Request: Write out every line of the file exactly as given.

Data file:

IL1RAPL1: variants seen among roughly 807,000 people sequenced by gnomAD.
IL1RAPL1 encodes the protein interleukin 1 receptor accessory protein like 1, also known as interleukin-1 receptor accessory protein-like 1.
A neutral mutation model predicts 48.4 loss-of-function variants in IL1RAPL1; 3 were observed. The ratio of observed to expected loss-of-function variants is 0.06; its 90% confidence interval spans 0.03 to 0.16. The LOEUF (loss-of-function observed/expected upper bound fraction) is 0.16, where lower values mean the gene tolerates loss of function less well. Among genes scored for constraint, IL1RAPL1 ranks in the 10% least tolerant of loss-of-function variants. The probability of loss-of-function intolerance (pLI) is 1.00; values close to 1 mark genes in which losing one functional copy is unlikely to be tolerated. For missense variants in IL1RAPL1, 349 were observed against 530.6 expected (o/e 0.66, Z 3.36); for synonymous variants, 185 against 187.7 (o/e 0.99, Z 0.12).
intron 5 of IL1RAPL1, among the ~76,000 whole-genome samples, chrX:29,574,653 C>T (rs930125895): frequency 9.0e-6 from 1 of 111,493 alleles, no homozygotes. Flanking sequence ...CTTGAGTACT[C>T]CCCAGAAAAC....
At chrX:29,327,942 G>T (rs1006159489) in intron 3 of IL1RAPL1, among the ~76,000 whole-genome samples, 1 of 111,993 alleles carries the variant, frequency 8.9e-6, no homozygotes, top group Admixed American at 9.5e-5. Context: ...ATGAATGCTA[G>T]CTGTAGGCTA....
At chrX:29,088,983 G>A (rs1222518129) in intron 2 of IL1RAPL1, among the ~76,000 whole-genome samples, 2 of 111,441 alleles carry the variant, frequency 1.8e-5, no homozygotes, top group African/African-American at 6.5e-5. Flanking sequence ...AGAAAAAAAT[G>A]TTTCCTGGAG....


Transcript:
IL1RAPL1: variants seen among roughly 807,000 people sequenced by gnomAD.
IL1RAPL1 encodes the protein interleukin 1 receptor accessory protein like 1, also known as interleukin-1 receptor accessory protein-like 1.
A neutral mutation model predicts 48.4 loss-of-function variants in IL1RAPL1; 3 were observed. The ratio of observed to expected loss-of-function variants is 0.06; its 90% confidence interval spans 0.03 to 0.16. The LOEUF (loss-of-function observed/expected upper bound fraction) is 0.16, where lower values mean the gene tolerates loss of function less well. Among genes scored for constraint, IL1RAPL1 ranks in the 10% least tolerant of loss-of-function variants. The probability of loss-of-function intolerance (pLI) is 1.00; values close to 1 mark genes in which losing one functional copy is unlikely to be tolerated. For missense variants in IL1RAPL1, 349 were observed against 530.6 expected (o/e 0.66, Z 3.36); for synonymous variants, 185 against 187.7 (o/e 0.99, Z 0.12).
intron 5 of IL1RAPL1, among the ~76,000 whole-genome samples, chrX:29,574,653 C>T (rs930125895): frequency 9.0e-6 from 1 of 111,493 alleles, no homozygotes. Flanking sequence ...CTTGAGTACT[C>T]CCCAGAAAAC....
At chrX:29,327,942 G>T (rs1006159489) in intron 3 of IL1RAPL1, among the ~76,000 whole-genome samples, 1 of 111,993 alleles carries the variant, frequency 8.9e-6, no homozygotes, top group Admixed American at 9.5e-5. Context: ...ATGAATGCTA[G>T]CTGTAGGCTA....
At chrX:29,088,983 G>A (rs1222518129) in intron 2 of IL1RAPL1, among the ~76,000 whole-genome samples, 2 of 111,441 alleles carry the variant, frequency 1.8e-5, no homozygotes, top group African/African-American at 6.5e-5. Flanking sequence ...AGAAAAAAAT[G>A]TTTCCTGGAG....